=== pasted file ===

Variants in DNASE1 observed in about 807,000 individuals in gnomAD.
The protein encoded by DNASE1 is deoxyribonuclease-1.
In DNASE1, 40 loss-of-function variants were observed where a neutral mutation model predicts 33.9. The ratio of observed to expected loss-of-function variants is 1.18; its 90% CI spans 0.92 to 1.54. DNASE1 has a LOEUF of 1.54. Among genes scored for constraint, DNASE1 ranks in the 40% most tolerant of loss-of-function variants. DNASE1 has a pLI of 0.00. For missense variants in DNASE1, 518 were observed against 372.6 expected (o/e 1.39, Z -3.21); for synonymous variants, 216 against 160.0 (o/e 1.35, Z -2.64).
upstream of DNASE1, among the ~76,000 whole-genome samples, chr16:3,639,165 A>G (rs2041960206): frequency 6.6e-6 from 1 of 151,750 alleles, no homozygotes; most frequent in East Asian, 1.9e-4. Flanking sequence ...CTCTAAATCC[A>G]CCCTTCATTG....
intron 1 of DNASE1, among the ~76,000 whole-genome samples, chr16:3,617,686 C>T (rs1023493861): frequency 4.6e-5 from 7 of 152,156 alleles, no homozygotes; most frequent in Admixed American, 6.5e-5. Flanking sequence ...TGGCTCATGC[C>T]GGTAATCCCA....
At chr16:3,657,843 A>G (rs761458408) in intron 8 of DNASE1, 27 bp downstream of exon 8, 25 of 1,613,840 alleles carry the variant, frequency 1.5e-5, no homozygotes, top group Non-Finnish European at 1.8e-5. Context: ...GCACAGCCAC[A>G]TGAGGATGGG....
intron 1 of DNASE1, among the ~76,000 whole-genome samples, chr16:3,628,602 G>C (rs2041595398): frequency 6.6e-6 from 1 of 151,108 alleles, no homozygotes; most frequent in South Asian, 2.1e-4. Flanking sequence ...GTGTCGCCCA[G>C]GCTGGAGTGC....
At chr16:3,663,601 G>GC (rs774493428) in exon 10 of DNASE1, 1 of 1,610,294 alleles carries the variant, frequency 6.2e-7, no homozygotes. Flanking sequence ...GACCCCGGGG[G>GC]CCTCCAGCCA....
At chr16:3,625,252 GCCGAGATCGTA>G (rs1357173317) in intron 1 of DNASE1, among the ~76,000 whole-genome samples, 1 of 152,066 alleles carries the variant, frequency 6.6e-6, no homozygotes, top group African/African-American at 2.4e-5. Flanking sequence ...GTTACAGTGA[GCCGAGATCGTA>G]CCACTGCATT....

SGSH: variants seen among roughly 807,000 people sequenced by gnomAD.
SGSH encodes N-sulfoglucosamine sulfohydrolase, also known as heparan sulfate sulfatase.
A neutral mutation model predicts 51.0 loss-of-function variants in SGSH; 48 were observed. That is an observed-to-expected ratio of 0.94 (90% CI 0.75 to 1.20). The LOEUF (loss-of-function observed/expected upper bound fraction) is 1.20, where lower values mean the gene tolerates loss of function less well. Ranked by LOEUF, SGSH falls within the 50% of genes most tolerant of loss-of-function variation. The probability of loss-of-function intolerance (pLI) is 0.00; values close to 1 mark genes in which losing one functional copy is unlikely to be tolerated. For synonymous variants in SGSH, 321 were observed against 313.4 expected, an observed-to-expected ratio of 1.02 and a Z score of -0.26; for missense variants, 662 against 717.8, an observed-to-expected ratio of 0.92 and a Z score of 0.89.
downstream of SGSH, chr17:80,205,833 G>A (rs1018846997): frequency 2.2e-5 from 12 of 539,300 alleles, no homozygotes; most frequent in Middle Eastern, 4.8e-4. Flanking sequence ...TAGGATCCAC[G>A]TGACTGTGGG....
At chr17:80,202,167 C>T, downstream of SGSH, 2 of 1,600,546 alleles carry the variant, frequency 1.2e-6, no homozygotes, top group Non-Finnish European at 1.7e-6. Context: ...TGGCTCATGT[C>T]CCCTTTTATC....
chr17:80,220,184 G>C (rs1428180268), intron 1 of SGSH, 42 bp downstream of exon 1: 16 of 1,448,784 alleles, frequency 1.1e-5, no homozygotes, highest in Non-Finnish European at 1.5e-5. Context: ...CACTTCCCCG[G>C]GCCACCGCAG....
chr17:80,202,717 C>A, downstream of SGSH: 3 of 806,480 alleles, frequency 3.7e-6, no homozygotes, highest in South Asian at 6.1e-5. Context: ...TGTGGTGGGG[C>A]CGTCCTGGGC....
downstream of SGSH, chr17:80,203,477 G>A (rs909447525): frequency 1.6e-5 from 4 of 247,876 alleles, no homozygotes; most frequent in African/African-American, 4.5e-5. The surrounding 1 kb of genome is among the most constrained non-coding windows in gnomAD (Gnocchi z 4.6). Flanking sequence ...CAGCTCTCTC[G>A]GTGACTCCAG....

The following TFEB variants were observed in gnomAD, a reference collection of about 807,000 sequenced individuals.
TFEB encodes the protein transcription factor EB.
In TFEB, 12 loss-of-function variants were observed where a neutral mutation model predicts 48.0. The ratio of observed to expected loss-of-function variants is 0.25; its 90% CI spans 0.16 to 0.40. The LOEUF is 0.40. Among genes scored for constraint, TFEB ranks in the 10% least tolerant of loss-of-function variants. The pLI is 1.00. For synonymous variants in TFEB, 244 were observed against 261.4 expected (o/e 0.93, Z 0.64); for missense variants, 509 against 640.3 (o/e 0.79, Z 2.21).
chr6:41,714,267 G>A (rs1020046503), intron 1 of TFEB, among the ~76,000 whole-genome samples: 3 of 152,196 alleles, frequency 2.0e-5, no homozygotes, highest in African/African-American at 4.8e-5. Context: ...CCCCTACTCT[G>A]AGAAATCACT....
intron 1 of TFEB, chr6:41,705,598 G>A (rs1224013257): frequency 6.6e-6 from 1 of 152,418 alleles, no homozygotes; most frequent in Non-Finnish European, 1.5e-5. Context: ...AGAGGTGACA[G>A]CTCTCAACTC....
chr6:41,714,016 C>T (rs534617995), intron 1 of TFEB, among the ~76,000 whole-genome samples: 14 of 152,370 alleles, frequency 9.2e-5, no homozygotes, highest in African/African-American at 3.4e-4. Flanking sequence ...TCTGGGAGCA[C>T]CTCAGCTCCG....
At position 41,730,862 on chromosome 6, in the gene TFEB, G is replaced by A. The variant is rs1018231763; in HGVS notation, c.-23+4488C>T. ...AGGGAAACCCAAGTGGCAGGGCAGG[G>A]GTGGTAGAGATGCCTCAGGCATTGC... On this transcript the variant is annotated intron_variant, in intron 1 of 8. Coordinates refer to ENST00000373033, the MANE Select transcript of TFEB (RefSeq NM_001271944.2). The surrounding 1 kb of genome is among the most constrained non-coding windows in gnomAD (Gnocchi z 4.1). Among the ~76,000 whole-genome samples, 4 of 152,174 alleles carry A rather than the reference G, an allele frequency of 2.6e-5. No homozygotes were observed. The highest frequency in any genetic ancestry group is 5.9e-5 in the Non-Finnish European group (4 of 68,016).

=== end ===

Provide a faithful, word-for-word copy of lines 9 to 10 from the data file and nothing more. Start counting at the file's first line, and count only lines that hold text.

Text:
At chr16:3,625,252 GCCGAGATCGTA>G (rs1357173317) in intron 1 of DNASE1, among the ~76,000 whole-genome samples, 1 of 152,066 alleles carries the variant, frequency 6.6e-6, no homozygotes, top group African/African-American at 2.4e-5. Flanking sequence ...GTTACAGTGA[GCCGAGATCGTA>G]CCACTGCATT....

SGSH: variants seen among roughly 807,000 people sequenced by gnomAD.